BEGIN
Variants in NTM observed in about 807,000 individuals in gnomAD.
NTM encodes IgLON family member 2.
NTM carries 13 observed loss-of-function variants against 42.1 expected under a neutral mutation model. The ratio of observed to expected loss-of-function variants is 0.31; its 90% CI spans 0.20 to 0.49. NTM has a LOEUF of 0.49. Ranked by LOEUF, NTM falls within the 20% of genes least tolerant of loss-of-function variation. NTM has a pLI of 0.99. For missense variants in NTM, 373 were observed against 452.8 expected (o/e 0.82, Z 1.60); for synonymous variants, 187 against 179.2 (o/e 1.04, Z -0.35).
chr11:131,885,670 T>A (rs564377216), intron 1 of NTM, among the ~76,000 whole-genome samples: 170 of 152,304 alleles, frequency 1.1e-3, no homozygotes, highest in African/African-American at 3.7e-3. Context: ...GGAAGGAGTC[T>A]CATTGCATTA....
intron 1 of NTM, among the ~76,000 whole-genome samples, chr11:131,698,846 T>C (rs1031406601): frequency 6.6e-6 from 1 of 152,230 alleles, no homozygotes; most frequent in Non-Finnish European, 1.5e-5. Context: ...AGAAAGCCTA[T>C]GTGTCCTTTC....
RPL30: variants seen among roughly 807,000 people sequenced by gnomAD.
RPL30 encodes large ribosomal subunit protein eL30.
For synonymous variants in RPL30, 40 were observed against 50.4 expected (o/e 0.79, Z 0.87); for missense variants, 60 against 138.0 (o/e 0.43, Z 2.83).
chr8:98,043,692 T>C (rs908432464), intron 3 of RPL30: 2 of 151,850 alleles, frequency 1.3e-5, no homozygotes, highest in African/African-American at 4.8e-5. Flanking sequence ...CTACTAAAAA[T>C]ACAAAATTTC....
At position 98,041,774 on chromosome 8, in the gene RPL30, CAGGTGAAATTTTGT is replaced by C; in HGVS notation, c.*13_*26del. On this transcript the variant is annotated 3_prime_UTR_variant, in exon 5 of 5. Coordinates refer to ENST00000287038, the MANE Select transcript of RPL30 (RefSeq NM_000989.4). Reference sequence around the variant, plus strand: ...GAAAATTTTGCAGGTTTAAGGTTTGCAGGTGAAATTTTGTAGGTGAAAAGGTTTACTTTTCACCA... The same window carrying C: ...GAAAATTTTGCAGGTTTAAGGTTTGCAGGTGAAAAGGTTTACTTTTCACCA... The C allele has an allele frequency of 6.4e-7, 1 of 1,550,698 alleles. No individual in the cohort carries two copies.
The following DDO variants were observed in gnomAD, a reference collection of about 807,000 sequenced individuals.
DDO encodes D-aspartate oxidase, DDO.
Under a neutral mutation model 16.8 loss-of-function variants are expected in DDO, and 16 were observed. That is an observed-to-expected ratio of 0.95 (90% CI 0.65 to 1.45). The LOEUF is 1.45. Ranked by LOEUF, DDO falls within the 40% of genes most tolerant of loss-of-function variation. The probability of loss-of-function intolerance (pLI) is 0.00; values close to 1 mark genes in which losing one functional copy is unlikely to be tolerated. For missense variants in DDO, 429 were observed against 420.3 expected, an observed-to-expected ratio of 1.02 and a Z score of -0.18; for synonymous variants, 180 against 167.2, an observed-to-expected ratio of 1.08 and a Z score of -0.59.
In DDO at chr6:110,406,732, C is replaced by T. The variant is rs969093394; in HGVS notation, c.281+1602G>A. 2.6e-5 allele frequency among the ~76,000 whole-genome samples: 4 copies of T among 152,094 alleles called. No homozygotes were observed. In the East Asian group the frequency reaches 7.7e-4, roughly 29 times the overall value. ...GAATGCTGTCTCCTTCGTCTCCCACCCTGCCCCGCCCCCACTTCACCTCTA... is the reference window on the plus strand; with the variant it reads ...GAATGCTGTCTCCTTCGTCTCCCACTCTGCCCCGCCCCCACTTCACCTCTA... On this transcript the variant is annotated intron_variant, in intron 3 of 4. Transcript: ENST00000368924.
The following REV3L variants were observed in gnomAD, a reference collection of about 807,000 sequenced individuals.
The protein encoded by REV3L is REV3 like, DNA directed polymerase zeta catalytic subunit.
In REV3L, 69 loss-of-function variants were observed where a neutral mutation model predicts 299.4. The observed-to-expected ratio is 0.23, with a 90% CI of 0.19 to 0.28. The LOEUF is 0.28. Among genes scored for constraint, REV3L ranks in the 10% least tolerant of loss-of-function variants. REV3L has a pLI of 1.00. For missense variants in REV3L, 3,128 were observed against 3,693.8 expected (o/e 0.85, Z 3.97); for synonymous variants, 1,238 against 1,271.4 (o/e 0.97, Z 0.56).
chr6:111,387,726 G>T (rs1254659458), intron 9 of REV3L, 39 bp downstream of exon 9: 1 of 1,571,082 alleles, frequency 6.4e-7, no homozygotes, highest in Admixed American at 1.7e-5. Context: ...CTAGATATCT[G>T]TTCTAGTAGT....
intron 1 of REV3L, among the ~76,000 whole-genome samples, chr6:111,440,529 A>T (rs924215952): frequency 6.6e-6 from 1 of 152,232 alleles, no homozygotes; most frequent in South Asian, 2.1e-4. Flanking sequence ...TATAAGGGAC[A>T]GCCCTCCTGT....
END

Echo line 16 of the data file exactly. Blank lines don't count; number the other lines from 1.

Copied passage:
The protein encoded by REV3L is REV3 like, DNA directed polymerase zeta catalytic subunit.